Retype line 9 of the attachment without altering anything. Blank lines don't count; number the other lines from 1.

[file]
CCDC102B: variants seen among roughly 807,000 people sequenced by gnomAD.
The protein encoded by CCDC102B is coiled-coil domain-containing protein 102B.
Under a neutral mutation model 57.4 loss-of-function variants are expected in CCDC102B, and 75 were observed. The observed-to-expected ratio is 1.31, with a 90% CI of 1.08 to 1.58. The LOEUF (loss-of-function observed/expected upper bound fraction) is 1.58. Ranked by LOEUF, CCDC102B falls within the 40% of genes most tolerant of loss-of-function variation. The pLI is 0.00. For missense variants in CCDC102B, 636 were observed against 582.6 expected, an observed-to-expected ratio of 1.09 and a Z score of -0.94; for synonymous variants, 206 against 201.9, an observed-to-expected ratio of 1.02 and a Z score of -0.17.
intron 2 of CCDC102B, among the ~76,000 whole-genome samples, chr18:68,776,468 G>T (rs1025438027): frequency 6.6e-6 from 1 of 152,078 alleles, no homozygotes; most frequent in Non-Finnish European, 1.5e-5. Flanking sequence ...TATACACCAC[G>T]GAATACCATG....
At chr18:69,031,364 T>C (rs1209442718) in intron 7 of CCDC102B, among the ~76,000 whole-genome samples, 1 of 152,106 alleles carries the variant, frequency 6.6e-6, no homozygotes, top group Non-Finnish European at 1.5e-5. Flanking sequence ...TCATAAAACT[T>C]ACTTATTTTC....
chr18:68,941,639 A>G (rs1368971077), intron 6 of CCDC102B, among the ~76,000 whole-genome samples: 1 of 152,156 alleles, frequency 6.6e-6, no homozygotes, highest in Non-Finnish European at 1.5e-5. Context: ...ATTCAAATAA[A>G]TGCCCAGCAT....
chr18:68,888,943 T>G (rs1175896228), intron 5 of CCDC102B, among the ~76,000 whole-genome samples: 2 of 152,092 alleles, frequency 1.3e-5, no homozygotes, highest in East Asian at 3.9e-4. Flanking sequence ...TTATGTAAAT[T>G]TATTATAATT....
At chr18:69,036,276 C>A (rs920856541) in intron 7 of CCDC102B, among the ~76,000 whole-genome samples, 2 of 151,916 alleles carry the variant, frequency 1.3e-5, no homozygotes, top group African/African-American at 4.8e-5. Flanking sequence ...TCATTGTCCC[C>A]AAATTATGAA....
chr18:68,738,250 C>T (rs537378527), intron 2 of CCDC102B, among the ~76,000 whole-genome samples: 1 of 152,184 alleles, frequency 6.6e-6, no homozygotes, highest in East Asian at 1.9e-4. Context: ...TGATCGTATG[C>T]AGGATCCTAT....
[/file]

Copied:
chr18:68,738,250 C>T (rs537378527), intron 2 of CCDC102B, among the ~76,000 whole-genome samples: 1 of 152,184 alleles, frequency 6.6e-6, no homozygotes, highest in East Asian at 1.9e-4. Context: ...TGATCGTATG[C>T]AGGATCCTAT....